Mother’s fear for Dubai son

He worked his way from typical Kiwi beginnings to become a top-flight Middle East financier earning up to $1 million a year.

But as Toby Carroll begins his 49th day in a Dubai prison cell, his New Zealand family fear the property analyst’s career could already be ruined.

The 32-year-old was arrested after being caught up in a violent “love triangle” – and held without charge on suspicion of having sex outside of marriage in the strict Muslim emirate.

The former Aucklander called police after his Brazilian ex-girlfriend, Priscila Ferreira, went berserk in his apartment with a knife when she found him in bed with British woman Danielle Spencer, a former stripper.

But in her first interview about the drama, his mother Beverley Carroll says her son’s image as a playboy love rat couldn’t be further from the truth.

“He hasn’t done anything that any guy in any other country wouldn’t do. He has slept with a girl, it was sex out of a marriage and there is no other country where that is a crime.

“What people aren’t taking in is that he called the police. They didn’t come in because they got reports of rampant sex going on in his apartment.

“All they are concerned about is the sex scandal – they are not concerned about a Kiwi in prison in Dubai.”

She said British media had “trashed” Spencer’s reputation and fears similar publicity will damage her son’s career prospects.,

Athletic and super-smart, Carroll attended Auckland Grammar before moving to Paeroa as a teenager.

He is a keen cyclist and diver who had a steady relationship with long-term girlfriend Anna Jobsz.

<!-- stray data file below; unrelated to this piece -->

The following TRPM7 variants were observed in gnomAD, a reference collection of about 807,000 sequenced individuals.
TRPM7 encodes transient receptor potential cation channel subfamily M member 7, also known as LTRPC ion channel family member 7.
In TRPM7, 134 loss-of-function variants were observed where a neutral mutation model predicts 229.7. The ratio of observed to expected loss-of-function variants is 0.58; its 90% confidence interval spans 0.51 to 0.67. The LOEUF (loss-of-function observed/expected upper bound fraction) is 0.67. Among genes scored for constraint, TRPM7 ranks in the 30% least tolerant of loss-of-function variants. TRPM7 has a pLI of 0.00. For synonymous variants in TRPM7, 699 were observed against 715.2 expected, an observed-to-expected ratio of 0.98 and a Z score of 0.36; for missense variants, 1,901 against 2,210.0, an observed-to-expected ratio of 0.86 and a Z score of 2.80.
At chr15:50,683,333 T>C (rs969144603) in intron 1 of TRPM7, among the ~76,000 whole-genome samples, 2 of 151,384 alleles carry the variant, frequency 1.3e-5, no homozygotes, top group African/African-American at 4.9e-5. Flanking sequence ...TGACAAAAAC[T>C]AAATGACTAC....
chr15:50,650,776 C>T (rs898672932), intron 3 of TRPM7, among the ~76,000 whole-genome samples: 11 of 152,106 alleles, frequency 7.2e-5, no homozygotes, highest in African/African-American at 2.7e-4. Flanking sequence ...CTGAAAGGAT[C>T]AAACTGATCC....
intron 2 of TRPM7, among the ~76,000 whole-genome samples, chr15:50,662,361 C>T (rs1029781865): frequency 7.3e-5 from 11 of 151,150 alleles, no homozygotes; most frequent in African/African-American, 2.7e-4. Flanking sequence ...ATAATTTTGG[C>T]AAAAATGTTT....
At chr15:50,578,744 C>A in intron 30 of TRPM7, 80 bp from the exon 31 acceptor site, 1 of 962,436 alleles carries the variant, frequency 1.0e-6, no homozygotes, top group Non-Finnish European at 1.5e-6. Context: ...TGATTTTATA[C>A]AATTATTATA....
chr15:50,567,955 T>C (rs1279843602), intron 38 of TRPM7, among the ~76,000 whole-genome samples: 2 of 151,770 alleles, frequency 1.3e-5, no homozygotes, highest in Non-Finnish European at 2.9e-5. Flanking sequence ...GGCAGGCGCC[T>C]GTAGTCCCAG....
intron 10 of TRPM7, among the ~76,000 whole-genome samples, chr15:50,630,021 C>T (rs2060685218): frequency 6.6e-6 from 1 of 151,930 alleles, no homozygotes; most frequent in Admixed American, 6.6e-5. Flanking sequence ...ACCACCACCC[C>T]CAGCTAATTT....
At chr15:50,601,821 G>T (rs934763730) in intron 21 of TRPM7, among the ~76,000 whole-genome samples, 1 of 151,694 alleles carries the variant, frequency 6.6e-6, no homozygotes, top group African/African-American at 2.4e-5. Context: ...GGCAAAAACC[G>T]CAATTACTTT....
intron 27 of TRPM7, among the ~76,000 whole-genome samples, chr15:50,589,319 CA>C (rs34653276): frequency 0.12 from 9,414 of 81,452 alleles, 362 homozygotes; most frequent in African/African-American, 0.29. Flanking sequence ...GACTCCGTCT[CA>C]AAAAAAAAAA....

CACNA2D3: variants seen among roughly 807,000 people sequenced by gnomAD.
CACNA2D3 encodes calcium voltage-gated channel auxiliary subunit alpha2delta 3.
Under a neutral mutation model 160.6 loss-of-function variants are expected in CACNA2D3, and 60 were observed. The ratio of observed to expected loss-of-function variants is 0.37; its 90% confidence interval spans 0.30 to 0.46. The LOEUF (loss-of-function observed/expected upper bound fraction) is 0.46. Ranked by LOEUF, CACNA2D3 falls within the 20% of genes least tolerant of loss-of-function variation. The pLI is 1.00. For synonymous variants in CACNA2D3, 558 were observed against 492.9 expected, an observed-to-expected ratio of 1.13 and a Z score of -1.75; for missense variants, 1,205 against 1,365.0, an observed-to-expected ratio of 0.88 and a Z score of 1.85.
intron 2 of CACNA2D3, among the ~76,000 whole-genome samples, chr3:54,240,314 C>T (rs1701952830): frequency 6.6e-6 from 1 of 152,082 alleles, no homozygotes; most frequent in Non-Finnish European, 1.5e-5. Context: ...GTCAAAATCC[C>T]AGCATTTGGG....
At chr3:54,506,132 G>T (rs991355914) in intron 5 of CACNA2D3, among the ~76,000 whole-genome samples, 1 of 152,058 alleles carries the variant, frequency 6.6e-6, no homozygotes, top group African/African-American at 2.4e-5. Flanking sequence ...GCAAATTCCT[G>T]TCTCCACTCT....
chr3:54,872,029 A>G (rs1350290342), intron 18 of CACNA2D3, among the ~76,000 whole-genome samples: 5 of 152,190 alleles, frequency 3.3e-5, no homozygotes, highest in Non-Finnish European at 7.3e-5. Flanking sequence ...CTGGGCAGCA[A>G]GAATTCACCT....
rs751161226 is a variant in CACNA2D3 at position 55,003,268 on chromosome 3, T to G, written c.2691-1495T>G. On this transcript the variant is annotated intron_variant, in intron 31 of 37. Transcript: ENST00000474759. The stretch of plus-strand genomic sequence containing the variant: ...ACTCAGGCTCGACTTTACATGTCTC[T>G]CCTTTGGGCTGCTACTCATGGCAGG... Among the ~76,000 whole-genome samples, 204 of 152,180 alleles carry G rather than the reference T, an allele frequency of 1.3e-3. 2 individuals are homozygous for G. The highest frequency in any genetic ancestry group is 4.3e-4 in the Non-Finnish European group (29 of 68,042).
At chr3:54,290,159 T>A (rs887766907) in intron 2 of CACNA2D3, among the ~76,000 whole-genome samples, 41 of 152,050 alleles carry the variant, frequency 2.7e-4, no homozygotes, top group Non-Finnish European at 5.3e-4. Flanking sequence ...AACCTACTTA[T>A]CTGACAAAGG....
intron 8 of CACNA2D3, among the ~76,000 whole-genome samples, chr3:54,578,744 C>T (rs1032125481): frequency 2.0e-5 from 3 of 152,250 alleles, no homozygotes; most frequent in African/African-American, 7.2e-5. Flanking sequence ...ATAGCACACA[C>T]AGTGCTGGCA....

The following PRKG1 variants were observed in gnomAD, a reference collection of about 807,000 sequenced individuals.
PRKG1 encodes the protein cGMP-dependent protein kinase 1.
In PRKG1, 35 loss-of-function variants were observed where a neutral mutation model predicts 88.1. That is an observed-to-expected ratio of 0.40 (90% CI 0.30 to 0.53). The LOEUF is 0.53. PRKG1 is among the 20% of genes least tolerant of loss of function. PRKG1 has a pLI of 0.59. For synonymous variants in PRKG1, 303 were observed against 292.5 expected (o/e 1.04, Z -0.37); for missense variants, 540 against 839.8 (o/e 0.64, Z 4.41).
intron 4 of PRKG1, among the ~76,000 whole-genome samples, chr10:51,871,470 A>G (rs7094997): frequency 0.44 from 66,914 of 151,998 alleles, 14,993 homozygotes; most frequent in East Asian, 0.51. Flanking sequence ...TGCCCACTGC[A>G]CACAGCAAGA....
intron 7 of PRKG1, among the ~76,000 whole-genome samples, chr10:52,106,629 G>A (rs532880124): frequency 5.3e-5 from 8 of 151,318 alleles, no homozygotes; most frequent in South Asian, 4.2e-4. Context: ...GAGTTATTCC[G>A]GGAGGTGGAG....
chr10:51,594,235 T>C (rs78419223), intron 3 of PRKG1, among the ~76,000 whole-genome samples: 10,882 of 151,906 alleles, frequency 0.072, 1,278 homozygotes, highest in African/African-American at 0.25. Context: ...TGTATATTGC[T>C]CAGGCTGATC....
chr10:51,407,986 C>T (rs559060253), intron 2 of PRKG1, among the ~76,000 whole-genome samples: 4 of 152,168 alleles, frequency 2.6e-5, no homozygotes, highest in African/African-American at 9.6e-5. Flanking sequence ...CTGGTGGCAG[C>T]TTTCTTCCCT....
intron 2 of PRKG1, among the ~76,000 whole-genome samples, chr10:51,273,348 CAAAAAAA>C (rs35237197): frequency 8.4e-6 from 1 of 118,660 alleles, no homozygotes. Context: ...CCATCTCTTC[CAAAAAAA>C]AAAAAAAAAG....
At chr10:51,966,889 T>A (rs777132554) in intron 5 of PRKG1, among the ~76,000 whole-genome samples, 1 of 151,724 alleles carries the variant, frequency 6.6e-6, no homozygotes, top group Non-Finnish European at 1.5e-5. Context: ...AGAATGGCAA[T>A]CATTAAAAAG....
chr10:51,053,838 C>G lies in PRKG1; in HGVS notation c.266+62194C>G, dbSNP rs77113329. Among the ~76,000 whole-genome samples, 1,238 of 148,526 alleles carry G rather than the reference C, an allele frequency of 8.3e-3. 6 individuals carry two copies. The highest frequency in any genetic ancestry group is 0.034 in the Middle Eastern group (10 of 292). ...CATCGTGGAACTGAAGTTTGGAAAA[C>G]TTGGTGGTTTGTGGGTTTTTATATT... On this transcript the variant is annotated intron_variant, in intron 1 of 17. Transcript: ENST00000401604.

Carroll was one of the first New Zealanders to qualify as a Chartered Financial Analyst – the MBA of the financial world – and started out as a trainee analyst at Brook Asset Management, a billion-dollar investment company, in the early 2000s.

A former colleague said: “He was enormously capable. He was one of those guys who ends up being better than his masters.”

Carroll moved to Sydney in 2007 to join Macquarie Bank as an analyst.

“He wasn’t the sort of guy who would be seduced by the high life. He wasn’t some sort of flashy playboy,” said the former colleague.

“He is a seriously top flight financial analyst. He’s not a fly-by-nighter. He was a team player.”

Colleagues said the demands of working 80 hours a week and constant travel around the Middle East inspecting his property portfolio for HSBC would leave little time for cruising nightspots picking up women.

“He would be working his arse off. Investment bankers work hard for their money.”

His mother refused to to say how Toby was faring inside prison.

But expats locked up previously described appalling conditions: food riddled with maggots and inmates forced to sleep head-to-toe with other prisoners.

The mother of a Kiwi woman locked up in Dubai several years ago said the authorities were paranoid about “saving face” and would not allow any criticism of their laws.

She travelled to Dubai to try to free her daughter and said her phone was tapped, her emails monitored and her hotel room searched by authorities.

The Auckland woman, who still lives in fear of the Dubai authorities, said: “They would be putting immense pressure on him not to speak out, or allow his family to speak out about what he is going through.”

She said: “It’s different for him, he works there and makes money there, and so he is inside the system. We are still living a nightmare.”

Beverley Carroll has instructed officials at the Ministry of Foreign Affairs and Trade not to speak about where he is being kept, or the conditions in the cells.

“All I want to say is I am extremely proud of my son and I love him dearly. In my eyes, he hasn’t done anything wrong.”

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